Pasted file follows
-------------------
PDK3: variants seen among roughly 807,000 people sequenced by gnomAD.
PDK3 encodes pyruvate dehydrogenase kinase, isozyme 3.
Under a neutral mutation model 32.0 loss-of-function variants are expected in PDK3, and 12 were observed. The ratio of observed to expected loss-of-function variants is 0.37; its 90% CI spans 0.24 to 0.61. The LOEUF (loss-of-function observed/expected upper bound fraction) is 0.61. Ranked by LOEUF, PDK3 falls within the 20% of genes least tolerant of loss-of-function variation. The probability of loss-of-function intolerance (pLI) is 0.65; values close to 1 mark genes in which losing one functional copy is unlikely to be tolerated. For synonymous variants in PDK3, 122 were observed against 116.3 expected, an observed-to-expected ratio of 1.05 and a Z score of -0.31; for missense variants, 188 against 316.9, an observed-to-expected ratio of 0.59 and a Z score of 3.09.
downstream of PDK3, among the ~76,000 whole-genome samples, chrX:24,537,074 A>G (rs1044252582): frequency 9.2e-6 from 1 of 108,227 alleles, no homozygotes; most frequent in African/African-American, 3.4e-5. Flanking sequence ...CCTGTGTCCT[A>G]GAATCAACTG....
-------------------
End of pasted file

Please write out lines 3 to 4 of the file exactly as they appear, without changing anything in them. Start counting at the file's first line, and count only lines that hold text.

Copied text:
Under a neutral mutation model 32.0 loss-of-function variants are expected in PDK3, and 12 were observed. The ratio of observed to expected loss-of-function variants is 0.37; its 90% CI spans 0.24 to 0.61. The LOEUF (loss-of-function observed/expected upper bound fraction) is 0.61. Ranked by LOEUF, PDK3 falls within the 20% of genes least tolerant of loss-of-function variation. The probability of loss-of-function intolerance (pLI) is 0.65; values close to 1 mark genes in which losing one functional copy is unlikely to be tolerated. For synonymous variants in PDK3, 122 were observed against 116.3 expected, an observed-to-expected ratio of 1.05 and a Z score of -0.31; for missense variants, 188 against 316.9, an observed-to-expected ratio of 0.59 and a Z score of 3.09.
downstream of PDK3, among the ~76,000 whole-genome samples, chrX:24,537,074 A>G (rs1044252582): frequency 9.2e-6 from 1 of 108,227 alleles, no homozygotes; most frequent in African/African-American, 3.4e-5. Flanking sequence ...CCTGTGTCCT[A>G]GAATCAACTG....